Hugging skeletons

I’m so glad we made the 2-day trek to Oaxaca for Day of the Dead at the beginning of this month.

Bright yellow flowers

Cemeteries filled with buzz and beauty

Guitar music, soulful songs

Taco stands, skeleton faces of all ages

Drums and trumpets and dancers

And alters to the dead filled with

Things they liked – apples, chicken mole, Corona beer

Skull paintings made of coloured sand

And street food steaming

Once a year, it is a chance for family members to decorate the graves of and remember their loved one, chat about them to other family members and even strangers. I spoke to a woman whose niece had died from cancer aged 5. Her grave bore a princess castle, sweets she liked. Her auntie proudly showed me photos. Both our eyes filled with tears. A chance to share.

Oaxaca. Hmmmm. A city to fall in love with. Things work. The food is delicious. There is culture. Contemporary art. Music. Good bars.

And I went to the coast – to Puerto Escondido – where my eyes were opened at the wonderful Buena Onda hostal where the wonderful twin owners there each spend 6 of every 18 months travelling and make it work.

And I went snorkeling with a life guard, underground with some eco-builders, cuddled a Jehovah’s witness on a bus, ate the best fish tacos of my life and invited 4 separate wonderful people to El Paredon, who all arrived on the same day.

And made a fabulous new friend, David, from San Francisco, who volunteered repairing bikes at the fascinating MayaPedal and whose friend Kirsten is going to try and find some outlets for our jewellery in coffee shops in The Bay Area.

Stitching and oranges in El Naranjo

Armando drove me on his motorbike to El Naranjo, the next settlement East, on the search for petrol. A hot black sand road, cows in the lush palm filled fields, stacks of sesame seed plants piled ready to strip, a warm orange sun. We met Dora, who makes these wonderful embroidery adornments. I commissioned her to make some for our shop. Armando climbed the orange tree and we ate them, green and hard on the outside, juicy within, by the tranquil canal, a couple bathing nearby. A lovely little adventure.

There are angels

‘Good morning, I stumbled upon your page while looking for a place to vacation in Guatamala. My questions for you are do you take donations for your school and do you allow visitors. If my wife and I go to El Paredon on vacation we would enjoy stopping by’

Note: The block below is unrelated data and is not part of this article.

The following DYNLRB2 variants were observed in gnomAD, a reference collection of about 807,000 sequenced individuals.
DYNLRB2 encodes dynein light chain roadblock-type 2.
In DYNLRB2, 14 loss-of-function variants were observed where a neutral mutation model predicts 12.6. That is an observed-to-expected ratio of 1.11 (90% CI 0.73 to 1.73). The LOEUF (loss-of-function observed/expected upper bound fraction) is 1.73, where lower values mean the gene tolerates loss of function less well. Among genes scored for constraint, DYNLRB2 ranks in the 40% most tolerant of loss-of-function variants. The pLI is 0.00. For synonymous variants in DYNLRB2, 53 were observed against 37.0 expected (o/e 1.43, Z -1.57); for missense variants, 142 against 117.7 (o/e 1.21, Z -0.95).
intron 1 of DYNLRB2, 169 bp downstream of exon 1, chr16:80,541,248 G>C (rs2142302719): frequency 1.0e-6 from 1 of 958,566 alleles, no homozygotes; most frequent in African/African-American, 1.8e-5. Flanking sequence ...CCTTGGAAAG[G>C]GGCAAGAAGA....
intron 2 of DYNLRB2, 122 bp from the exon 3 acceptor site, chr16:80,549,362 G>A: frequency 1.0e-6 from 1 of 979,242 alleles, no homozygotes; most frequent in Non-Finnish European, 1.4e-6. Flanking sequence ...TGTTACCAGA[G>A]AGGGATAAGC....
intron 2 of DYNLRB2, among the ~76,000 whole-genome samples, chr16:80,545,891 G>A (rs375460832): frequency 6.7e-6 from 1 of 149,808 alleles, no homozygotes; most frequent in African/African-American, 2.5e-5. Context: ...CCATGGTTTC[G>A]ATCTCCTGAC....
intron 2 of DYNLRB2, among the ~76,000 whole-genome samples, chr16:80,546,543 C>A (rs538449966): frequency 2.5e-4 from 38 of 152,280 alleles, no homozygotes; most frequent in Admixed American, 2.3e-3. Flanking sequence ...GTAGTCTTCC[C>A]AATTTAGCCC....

Larry found my blog by accident in June. He was researching a holiday to the Carribean island of Antigua and instead he found Antigua, Guatemala and our education project in El Paredon. Three days ago, he and his wonderful wife Wenona said an emotional goodbye to us and the kids from La Choza Chula after a 6 day holiday, leaving us with over $3000 worth of equipment and materials for the school, the workshop and the local community.

Larry’s enthusiasm for our project had rubbed off on his colleagues over the months preceding his trip and slowly they came to him with surprising amounts of money: ‘I didn’t even need to shame them, they just wanted to help!’

And it is incredible what he and the Men’s Church Group of Illinois and lots more anonymous donators have enabled us to buy:

A projector for us to play films and photos to the kids. Here is the moment when we showed them the projector and photos from the project. This is the first time some of the kids have ever seen photos of themselves:

 

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Books for the school for the teachers to be able to teach their subjects properly. Before they had no books. They are over the moon. And it will have a serious impact on teaching standards.

 

Also for the school: a photocopier and lots of paper (priceless), calculators, marker pens, 2 internet modems (the children currently have no internet access).

For La Choza Chula workshop: a superb digital camera, 2 vices, 2 hammers, safety goggles (the latest fashion accessory in the workshop)

For the community: a football and pump, sunglasses for Daniel (who loved Larry’s glasses so he left them) and a goody bag for Maria from a little girl the same age in Illinois. In response, Maria sent back this traditional dress for her new penpal.

And there is still money left over! Which we will spend on more books for the school, world maps, storage for the workshop and more! We have so many new ideas and this money will enable to us to achieve some of our visions.

Larry and Wenona’s visit was much more than what they physically brought us though. They are warm, affectionate, loving, generous, funny people who were great company for both us and all the kids they met and got to know. Larry and Wenona enjoyed the impromptu screening and performance event put on by the kids on Sunday night and the friendliness of the community towards them.

‘This Sunday was the best day of any day on any holiday we have ever had’ (Larry)

The kids are asking us daily ‘when is Larry coming back?’ and they have decided between themselves that they will be back for Christmas. In a very short time, they became part of the community and will be talked about for years to come. THANK YOU SO MUCH from El Paredon.

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